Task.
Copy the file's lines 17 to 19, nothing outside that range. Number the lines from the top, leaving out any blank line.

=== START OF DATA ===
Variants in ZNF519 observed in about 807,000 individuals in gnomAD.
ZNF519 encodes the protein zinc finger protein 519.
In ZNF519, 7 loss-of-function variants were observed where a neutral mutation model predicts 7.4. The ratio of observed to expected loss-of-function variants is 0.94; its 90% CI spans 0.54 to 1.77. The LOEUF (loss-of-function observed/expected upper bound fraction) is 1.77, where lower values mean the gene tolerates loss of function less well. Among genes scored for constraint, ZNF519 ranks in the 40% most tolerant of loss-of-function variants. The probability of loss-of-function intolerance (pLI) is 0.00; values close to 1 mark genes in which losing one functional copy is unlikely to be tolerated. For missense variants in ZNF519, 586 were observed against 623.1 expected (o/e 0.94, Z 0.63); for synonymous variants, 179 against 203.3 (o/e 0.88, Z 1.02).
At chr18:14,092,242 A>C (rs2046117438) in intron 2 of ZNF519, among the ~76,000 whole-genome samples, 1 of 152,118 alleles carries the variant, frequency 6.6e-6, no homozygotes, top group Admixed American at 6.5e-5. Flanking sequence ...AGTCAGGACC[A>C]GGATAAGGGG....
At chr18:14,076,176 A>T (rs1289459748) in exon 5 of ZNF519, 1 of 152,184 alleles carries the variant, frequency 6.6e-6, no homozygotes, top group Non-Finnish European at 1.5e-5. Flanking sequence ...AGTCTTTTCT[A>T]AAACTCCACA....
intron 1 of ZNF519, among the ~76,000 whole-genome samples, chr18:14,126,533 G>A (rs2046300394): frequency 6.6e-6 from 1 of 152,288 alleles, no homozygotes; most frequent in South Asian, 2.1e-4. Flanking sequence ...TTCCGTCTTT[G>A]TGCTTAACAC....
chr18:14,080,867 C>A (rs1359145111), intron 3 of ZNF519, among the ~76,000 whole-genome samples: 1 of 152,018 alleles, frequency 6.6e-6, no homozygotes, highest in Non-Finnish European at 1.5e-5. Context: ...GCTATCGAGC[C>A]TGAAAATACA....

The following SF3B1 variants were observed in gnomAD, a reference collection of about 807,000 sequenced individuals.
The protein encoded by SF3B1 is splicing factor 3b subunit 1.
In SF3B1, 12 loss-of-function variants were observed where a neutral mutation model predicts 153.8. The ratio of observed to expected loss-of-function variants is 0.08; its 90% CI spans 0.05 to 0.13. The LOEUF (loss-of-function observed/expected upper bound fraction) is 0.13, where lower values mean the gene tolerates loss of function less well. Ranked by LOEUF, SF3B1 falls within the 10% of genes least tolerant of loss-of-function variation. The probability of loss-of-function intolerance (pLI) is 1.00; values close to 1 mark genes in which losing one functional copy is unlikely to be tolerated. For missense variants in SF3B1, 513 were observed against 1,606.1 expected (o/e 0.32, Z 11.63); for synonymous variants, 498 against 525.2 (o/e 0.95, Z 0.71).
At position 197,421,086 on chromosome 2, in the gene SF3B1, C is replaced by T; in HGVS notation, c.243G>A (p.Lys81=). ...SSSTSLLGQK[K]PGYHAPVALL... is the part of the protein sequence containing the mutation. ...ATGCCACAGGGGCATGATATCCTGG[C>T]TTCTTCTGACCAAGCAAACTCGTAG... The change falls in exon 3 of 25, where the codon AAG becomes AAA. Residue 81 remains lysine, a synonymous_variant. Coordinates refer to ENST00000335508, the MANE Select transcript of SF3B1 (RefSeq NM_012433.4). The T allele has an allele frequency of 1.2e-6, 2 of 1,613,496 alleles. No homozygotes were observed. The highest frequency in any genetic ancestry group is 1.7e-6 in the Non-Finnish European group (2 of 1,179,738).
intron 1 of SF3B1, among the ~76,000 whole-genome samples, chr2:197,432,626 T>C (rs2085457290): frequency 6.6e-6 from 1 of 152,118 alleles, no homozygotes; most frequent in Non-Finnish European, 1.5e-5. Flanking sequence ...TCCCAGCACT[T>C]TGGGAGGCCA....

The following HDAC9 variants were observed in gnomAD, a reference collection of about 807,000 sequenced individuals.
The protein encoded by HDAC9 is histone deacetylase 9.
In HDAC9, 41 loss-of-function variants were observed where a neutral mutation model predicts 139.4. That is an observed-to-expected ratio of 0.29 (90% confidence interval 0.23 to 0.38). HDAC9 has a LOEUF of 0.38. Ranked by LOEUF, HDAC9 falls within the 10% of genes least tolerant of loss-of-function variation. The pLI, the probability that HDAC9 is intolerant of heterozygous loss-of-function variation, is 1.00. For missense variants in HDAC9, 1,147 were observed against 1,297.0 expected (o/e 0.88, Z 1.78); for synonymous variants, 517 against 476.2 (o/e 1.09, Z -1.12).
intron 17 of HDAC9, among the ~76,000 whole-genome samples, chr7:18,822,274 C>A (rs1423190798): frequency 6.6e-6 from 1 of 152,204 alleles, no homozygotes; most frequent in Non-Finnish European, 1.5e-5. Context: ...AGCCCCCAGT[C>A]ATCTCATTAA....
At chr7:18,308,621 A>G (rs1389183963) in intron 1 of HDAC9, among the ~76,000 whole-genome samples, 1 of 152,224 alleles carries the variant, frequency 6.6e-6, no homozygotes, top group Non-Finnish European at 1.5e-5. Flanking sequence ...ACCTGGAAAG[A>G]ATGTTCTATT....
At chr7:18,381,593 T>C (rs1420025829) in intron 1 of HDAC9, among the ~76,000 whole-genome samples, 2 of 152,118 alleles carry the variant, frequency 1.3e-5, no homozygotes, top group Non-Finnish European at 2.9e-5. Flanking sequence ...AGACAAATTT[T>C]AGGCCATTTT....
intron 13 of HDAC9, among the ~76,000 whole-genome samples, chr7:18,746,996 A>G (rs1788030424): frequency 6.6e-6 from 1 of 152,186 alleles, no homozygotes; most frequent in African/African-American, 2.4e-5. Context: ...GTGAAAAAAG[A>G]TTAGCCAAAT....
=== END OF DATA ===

At chr7:18,308,621 A>G (rs1389183963) in intron 1 of HDAC9, among the ~76,000 whole-genome samples, 1 of 152,224 alleles carries the variant, frequency 6.6e-6, no homozygotes, top group Non-Finnish European at 1.5e-5. Flanking sequence ...ACCTGGAAAG[A>G]ATGTTCTATT....
At chr7:18,381,593 T>C (rs1420025829) in intron 1 of HDAC9, among the ~76,000 whole-genome samples, 2 of 152,118 alleles carry the variant, frequency 1.3e-5, no homozygotes, top group Non-Finnish European at 2.9e-5. Flanking sequence ...AGACAAATTT[T>C]AGGCCATTTT....
intron 13 of HDAC9, among the ~76,000 whole-genome samples, chr7:18,746,996 A>G (rs1788030424): frequency 6.6e-6 from 1 of 152,186 alleles, no homozygotes; most frequent in African/African-American, 2.4e-5. Context: ...GTGAAAAAAG[A>G]TTAGCCAAAT....